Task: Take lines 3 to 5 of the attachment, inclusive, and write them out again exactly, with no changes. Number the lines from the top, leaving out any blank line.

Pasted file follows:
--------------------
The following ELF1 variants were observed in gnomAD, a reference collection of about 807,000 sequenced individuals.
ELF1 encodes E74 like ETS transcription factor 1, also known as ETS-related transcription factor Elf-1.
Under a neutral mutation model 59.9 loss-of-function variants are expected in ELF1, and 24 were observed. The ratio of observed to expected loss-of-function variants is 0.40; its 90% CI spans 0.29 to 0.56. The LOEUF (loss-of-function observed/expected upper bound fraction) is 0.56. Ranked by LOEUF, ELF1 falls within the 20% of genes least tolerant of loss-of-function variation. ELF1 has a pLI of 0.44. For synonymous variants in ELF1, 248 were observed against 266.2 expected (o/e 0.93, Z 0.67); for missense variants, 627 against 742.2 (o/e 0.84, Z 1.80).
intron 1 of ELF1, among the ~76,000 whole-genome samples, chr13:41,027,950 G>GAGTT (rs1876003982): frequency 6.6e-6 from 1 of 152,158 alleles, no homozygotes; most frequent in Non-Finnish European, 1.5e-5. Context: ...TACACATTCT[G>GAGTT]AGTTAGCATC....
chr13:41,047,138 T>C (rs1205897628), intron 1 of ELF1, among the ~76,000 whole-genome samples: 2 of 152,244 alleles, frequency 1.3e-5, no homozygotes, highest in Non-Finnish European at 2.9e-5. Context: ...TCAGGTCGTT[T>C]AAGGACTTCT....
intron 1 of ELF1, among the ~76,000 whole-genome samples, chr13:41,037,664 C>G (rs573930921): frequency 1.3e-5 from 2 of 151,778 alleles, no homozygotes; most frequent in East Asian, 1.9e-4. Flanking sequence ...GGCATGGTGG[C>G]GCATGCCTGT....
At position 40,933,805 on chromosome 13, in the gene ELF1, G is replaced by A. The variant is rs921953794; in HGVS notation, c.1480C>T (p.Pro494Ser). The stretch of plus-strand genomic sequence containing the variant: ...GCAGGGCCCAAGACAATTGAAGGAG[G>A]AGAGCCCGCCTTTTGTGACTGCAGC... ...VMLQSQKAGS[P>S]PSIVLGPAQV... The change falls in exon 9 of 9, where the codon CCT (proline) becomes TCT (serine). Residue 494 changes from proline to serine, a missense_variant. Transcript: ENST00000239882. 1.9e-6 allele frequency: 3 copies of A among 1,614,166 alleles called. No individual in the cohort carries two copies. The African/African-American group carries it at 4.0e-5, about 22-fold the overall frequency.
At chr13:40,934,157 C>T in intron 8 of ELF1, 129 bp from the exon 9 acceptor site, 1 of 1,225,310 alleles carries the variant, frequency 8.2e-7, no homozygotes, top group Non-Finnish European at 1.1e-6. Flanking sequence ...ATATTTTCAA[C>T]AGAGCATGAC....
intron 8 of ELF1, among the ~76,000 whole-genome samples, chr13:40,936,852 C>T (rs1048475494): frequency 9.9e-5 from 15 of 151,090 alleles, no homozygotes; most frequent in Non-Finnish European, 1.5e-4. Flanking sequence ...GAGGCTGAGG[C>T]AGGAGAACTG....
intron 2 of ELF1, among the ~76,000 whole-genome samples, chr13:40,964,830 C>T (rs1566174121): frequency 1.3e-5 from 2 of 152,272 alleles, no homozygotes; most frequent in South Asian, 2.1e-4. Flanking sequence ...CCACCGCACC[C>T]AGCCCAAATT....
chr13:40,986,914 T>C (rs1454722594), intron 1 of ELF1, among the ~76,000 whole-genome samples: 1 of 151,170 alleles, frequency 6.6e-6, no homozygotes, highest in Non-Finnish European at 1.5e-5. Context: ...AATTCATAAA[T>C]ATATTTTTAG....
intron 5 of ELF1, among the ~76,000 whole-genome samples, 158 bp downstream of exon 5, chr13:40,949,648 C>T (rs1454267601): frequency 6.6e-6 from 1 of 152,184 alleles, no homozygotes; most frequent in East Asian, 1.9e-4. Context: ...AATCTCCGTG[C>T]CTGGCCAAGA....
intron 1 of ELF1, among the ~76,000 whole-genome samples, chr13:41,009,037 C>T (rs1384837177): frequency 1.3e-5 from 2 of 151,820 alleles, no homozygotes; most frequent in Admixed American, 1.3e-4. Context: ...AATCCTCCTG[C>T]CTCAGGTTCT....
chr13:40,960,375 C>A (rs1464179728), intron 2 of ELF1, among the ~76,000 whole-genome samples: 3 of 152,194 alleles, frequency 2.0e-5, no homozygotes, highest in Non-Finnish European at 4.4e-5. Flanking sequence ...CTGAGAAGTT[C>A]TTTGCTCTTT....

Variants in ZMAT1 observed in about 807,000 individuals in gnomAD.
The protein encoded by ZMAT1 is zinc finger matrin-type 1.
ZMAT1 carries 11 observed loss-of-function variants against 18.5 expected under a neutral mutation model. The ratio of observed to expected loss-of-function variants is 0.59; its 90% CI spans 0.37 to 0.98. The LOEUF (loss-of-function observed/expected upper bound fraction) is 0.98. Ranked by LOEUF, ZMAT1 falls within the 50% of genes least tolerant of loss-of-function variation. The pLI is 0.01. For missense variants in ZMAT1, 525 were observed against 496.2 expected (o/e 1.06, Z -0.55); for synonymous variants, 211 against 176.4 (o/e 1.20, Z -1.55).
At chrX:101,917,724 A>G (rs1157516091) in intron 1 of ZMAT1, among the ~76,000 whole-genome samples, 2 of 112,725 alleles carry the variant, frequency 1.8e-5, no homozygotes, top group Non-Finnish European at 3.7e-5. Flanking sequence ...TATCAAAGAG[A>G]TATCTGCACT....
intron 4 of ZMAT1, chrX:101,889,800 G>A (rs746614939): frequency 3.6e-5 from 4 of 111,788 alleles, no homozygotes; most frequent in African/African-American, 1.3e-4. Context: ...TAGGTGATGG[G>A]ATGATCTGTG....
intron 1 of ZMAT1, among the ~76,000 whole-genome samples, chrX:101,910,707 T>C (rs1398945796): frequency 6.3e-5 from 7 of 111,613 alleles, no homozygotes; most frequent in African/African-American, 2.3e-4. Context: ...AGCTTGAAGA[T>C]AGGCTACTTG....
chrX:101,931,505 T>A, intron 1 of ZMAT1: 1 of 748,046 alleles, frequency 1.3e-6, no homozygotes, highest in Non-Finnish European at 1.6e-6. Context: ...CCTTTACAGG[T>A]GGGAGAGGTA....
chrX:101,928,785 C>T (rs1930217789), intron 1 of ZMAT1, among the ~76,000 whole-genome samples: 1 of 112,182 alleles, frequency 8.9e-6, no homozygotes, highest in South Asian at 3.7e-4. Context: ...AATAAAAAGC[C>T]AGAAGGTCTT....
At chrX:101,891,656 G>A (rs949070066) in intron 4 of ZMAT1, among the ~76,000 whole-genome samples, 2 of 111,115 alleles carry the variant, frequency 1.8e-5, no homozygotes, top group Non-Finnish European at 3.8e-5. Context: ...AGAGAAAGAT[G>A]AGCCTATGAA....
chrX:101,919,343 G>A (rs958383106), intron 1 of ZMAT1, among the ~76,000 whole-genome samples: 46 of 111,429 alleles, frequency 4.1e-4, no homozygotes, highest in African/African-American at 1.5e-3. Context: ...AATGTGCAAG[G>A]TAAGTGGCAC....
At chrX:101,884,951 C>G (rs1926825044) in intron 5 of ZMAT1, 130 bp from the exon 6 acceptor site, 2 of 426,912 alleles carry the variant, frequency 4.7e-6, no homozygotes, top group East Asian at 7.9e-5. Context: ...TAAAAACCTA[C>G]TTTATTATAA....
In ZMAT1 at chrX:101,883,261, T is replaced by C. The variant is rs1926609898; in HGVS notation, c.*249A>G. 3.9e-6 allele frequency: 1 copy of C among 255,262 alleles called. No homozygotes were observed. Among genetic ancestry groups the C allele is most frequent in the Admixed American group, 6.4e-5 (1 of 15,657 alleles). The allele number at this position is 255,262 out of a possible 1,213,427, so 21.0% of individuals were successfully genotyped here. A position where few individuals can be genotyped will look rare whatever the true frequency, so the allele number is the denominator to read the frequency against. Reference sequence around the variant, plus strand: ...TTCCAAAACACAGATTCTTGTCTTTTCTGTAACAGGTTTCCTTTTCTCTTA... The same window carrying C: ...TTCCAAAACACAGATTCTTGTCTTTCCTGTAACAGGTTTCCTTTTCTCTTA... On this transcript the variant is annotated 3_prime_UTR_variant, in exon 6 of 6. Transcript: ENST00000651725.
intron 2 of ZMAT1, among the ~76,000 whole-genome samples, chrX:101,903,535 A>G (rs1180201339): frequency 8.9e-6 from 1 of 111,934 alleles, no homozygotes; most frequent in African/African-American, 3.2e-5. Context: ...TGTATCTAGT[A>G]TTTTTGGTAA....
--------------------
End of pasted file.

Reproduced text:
Under a neutral mutation model 59.9 loss-of-function variants are expected in ELF1, and 24 were observed. The ratio of observed to expected loss-of-function variants is 0.40; its 90% CI spans 0.29 to 0.56. The LOEUF (loss-of-function observed/expected upper bound fraction) is 0.56. Ranked by LOEUF, ELF1 falls within the 20% of genes least tolerant of loss-of-function variation. ELF1 has a pLI of 0.44. For synonymous variants in ELF1, 248 were observed against 266.2 expected (o/e 0.93, Z 0.67); for missense variants, 627 against 742.2 (o/e 0.84, Z 1.80).
intron 1 of ELF1, among the ~76,000 whole-genome samples, chr13:41,027,950 G>GAGTT (rs1876003982): frequency 6.6e-6 from 1 of 152,158 alleles, no homozygotes; most frequent in Non-Finnish European, 1.5e-5. Context: ...TACACATTCT[G>GAGTT]AGTTAGCATC....
chr13:41,047,138 T>C (rs1205897628), intron 1 of ELF1, among the ~76,000 whole-genome samples: 2 of 152,244 alleles, frequency 1.3e-5, no homozygotes, highest in Non-Finnish European at 2.9e-5. Context: ...TCAGGTCGTT[T>C]AAGGACTTCT....